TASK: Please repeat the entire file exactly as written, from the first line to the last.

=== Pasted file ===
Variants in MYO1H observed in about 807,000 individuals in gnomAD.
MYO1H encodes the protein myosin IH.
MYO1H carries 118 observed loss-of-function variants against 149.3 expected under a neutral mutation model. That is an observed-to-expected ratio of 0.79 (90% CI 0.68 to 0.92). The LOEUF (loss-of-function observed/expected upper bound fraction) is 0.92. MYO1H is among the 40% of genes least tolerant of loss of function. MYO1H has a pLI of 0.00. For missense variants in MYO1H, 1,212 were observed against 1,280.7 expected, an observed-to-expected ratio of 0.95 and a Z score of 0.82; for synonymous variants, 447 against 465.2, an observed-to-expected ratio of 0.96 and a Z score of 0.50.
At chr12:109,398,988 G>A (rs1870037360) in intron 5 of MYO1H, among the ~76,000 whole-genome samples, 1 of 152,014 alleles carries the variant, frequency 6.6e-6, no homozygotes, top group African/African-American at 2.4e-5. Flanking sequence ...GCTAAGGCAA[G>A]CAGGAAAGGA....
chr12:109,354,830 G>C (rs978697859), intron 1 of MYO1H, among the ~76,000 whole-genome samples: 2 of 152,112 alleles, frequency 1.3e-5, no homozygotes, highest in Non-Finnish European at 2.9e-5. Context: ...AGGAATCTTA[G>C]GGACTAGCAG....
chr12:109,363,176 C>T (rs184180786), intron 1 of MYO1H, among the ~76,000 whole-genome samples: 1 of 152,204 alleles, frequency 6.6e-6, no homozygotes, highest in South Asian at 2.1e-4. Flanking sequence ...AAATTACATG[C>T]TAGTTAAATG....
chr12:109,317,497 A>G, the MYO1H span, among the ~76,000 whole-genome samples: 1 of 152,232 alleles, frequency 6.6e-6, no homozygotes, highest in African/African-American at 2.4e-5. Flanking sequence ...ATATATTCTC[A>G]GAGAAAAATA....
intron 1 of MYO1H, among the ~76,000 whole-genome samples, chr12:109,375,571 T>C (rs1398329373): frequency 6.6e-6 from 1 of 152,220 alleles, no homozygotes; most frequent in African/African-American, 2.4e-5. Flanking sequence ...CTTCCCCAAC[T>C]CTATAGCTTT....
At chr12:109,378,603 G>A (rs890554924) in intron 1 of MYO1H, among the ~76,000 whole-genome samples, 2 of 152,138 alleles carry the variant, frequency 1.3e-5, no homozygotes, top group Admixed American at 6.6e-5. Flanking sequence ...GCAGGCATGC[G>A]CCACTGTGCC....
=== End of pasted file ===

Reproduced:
Variants in MYO1H observed in about 807,000 individuals in gnomAD.
MYO1H encodes the protein myosin IH.
MYO1H carries 118 observed loss-of-function variants against 149.3 expected under a neutral mutation model. That is an observed-to-expected ratio of 0.79 (90% CI 0.68 to 0.92). The LOEUF (loss-of-function observed/expected upper bound fraction) is 0.92. MYO1H is among the 40% of genes least tolerant of loss of function. MYO1H has a pLI of 0.00. For missense variants in MYO1H, 1,212 were observed against 1,280.7 expected, an observed-to-expected ratio of 0.95 and a Z score of 0.82; for synonymous variants, 447 against 465.2, an observed-to-expected ratio of 0.96 and a Z score of 0.50.
At chr12:109,398,988 G>A (rs1870037360) in intron 5 of MYO1H, among the ~76,000 whole-genome samples, 1 of 152,014 alleles carries the variant, frequency 6.6e-6, no homozygotes, top group African/African-American at 2.4e-5. Flanking sequence ...GCTAAGGCAA[G>A]CAGGAAAGGA....
chr12:109,354,830 G>C (rs978697859), intron 1 of MYO1H, among the ~76,000 whole-genome samples: 2 of 152,112 alleles, frequency 1.3e-5, no homozygotes, highest in Non-Finnish European at 2.9e-5. Context: ...AGGAATCTTA[G>C]GGACTAGCAG....
chr12:109,363,176 C>T (rs184180786), intron 1 of MYO1H, among the ~76,000 whole-genome samples: 1 of 152,204 alleles, frequency 6.6e-6, no homozygotes, highest in South Asian at 2.1e-4. Flanking sequence ...AAATTACATG[C>T]TAGTTAAATG....
chr12:109,317,497 A>G, the MYO1H span, among the ~76,000 whole-genome samples: 1 of 152,232 alleles, frequency 6.6e-6, no homozygotes, highest in African/African-American at 2.4e-5. Flanking sequence ...ATATATTCTC[A>G]GAGAAAAATA....
intron 1 of MYO1H, among the ~76,000 whole-genome samples, chr12:109,375,571 T>C (rs1398329373): frequency 6.6e-6 from 1 of 152,220 alleles, no homozygotes; most frequent in African/African-American, 2.4e-5. Flanking sequence ...CTTCCCCAAC[T>C]CTATAGCTTT....
At chr12:109,378,603 G>A (rs890554924) in intron 1 of MYO1H, among the ~76,000 whole-genome samples, 2 of 152,138 alleles carry the variant, frequency 1.3e-5, no homozygotes, top group Admixed American at 6.6e-5. Flanking sequence ...GCAGGCATGC[G>A]CCACTGTGCC....